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Obamacare penalty: Your family could pay more for insurance

In his scenario, the company paid 50 percent of the employee’s premium for coverage, but nothing for the premiums for the rest of the family.

In that scenario, the employee’s premium cost would be $ 2,394 per year—well under the 9.5 percent affordability test level. Thus, the entire family would be disqualified from using federal subsidies to buy insurance on the Obamacare exchanges.

The family then would have two options.

Option one would be for the entire family to get insured under the employer plan at a net cost of $ 11,252—an amount that takes into account the company’s subsidy to the employee.

Option two would be for the employee to buy insurance from his company’s plan, at an out-of-pocket cost of $ 2,394. The three other members of his family would then buy insurance on the New York exchange at a cost of of $ 7,120—for a total of $ 9,514.

But Wu pointed out that if the company didn’t pay any part of the employee’s premium for the company-offered insurance, the entire family would significantly benefit financially under the Obamacare rule.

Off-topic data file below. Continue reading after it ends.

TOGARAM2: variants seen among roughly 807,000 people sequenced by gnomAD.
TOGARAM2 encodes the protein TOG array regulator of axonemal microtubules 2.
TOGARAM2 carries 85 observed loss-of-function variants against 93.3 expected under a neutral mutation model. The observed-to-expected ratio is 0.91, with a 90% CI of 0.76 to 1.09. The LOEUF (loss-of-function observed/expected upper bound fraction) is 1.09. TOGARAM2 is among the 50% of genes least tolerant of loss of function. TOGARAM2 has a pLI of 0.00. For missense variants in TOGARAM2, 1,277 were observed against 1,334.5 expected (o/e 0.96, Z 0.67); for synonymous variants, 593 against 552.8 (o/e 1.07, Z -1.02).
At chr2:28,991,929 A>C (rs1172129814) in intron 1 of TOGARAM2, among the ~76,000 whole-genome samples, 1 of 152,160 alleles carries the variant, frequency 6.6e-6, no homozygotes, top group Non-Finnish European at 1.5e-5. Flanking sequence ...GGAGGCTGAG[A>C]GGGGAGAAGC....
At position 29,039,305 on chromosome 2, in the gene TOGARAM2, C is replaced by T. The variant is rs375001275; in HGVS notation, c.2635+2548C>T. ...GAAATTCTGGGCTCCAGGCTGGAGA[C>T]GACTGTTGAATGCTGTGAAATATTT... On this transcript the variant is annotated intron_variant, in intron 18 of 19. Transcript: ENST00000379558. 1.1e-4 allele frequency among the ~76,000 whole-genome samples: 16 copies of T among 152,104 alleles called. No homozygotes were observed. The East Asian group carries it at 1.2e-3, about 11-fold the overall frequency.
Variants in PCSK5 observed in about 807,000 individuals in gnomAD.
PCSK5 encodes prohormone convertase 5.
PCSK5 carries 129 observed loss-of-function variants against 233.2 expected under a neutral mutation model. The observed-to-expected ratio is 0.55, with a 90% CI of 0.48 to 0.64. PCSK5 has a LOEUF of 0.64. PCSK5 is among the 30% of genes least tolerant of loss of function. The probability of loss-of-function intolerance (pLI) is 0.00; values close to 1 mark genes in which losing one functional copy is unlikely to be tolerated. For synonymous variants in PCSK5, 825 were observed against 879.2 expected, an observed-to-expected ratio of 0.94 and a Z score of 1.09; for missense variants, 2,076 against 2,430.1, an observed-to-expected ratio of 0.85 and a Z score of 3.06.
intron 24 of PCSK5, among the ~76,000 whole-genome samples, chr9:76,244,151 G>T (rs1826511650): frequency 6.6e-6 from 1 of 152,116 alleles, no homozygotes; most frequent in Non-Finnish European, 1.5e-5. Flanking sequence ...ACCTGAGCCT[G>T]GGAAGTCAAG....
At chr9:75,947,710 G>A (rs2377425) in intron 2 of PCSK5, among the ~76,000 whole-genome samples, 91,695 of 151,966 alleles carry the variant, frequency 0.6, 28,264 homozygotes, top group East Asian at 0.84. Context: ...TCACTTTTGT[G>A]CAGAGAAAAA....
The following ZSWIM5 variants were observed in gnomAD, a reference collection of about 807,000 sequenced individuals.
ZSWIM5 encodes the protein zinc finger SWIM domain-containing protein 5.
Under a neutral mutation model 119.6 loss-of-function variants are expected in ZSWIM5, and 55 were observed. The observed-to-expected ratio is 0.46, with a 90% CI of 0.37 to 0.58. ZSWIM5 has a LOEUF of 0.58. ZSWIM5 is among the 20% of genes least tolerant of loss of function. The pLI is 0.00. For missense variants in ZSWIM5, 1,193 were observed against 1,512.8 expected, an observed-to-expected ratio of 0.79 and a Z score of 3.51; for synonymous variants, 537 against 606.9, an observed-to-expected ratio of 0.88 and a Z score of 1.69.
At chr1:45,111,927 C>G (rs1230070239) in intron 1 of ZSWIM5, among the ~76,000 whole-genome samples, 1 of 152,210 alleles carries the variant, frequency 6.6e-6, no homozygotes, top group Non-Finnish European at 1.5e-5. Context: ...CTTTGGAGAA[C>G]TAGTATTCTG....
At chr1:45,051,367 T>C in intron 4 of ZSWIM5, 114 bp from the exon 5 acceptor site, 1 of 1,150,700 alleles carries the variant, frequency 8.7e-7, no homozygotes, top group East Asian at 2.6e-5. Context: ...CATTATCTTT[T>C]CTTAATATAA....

In that situation, a worker would be on the hook for all of the $ 4,788 annual premium cost for the company plan. That’s more than the 9.5 percent income affordability test—and his family would thus be eligible for government subsidies on the New York state health exchange.

By using those subsidies, the entire family’s total cost after purchasing the second cheapest “Silver” plan on that exchange would be just $ 3,365 a year.

That’s nearly $ 6,000 less than the cheapest scenario available to the same family if the worker was offered employer-subsidized insurance, Wu noted.

“The employee could simply ask the employer to keep the $ 2,400 [subsidy] so that the insurance would not qualify as affordable,” the ValuePenguin report said.

ValuePenguin also pointed out that even if the employer paid half of the premiums for the family in the company-offered plan, the total cost to the family would be $ 6,823 annually. That’s nearly $ 3,500 more than a plan that would be available to them on the New York exchange if they hadn’t received the company’s subsidies in the first place.

In that situation, Wu said, “You would rather say, ‘Don’t give me that coverage.’ “

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